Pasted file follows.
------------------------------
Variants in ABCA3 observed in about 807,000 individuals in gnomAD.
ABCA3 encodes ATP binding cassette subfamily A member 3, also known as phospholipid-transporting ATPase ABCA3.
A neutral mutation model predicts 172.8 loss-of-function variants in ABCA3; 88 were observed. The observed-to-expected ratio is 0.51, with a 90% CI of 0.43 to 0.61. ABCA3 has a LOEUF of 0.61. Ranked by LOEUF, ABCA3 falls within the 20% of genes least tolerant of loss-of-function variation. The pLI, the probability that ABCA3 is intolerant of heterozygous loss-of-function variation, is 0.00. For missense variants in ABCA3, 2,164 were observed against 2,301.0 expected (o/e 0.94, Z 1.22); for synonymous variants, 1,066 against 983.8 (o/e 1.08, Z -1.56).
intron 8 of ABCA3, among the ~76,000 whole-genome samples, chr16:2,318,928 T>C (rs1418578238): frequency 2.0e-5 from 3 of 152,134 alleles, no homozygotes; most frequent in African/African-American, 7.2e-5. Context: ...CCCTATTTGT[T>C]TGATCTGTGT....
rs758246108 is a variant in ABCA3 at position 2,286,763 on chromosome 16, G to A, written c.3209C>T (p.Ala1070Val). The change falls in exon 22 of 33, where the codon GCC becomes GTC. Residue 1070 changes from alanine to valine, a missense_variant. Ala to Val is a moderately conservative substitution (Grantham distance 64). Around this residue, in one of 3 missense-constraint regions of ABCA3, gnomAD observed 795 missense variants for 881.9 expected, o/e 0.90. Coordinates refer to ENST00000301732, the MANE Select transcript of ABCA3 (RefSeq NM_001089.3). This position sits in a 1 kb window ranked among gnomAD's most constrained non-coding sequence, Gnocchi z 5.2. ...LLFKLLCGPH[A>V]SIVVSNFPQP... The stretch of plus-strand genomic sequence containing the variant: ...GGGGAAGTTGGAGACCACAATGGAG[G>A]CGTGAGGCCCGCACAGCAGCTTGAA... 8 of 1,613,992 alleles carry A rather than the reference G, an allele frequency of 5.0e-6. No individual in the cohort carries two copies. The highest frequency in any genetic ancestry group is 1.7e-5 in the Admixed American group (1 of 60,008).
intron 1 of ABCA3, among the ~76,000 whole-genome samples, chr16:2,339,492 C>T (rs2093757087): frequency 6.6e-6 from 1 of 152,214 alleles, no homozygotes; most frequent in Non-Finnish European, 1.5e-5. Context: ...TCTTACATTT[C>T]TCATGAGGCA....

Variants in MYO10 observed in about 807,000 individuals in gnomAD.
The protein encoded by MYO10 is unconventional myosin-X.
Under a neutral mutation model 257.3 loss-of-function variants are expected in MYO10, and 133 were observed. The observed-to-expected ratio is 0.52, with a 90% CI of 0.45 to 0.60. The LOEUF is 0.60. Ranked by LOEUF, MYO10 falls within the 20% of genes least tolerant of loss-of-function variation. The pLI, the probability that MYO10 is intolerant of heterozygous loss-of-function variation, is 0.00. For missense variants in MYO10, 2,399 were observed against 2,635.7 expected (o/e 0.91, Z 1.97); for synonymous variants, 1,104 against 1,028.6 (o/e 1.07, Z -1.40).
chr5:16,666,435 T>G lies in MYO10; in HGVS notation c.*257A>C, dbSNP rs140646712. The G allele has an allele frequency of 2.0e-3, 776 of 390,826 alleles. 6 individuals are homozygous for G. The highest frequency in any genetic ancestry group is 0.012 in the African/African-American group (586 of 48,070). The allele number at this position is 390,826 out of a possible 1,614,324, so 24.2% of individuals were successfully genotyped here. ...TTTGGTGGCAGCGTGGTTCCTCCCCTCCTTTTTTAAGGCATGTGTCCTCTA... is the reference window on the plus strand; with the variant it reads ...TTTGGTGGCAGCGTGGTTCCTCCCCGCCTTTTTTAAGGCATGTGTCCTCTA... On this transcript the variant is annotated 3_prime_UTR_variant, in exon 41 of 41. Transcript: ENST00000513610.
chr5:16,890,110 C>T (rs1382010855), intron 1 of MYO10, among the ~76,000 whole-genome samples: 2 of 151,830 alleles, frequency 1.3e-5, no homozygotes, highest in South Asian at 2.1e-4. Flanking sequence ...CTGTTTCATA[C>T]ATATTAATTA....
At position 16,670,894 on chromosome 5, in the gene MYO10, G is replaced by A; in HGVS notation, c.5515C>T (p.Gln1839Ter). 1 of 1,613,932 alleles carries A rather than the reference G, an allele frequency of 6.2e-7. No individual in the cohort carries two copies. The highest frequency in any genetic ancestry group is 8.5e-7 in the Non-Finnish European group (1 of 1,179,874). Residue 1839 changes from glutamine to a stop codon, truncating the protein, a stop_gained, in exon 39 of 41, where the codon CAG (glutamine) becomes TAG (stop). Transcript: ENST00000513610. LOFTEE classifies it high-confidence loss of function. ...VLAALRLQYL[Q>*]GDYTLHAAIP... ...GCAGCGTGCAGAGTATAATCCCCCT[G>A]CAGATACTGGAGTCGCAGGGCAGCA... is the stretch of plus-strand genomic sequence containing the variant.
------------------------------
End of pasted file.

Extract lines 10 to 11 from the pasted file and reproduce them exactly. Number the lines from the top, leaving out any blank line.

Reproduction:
chr5:16,666,435 T>G lies in MYO10; in HGVS notation c.*257A>C, dbSNP rs140646712. The G allele has an allele frequency of 2.0e-3, 776 of 390,826 alleles. 6 individuals are homozygous for G. The highest frequency in any genetic ancestry group is 0.012 in the African/African-American group (586 of 48,070). The allele number at this position is 390,826 out of a possible 1,614,324, so 24.2% of individuals were successfully genotyped here. ...TTTGGTGGCAGCGTGGTTCCTCCCCTCCTTTTTTAAGGCATGTGTCCTCTA... is the reference window on the plus strand; with the variant it reads ...TTTGGTGGCAGCGTGGTTCCTCCCCGCCTTTTTTAAGGCATGTGTCCTCTA... On this transcript the variant is annotated 3_prime_UTR_variant, in exon 41 of 41. Transcript: ENST00000513610.
chr5:16,890,110 C>T (rs1382010855), intron 1 of MYO10, among the ~76,000 whole-genome samples: 2 of 151,830 alleles, frequency 1.3e-5, no homozygotes, highest in South Asian at 2.1e-4. Flanking sequence ...CTGTTTCATA[C>T]ATATTAATTA....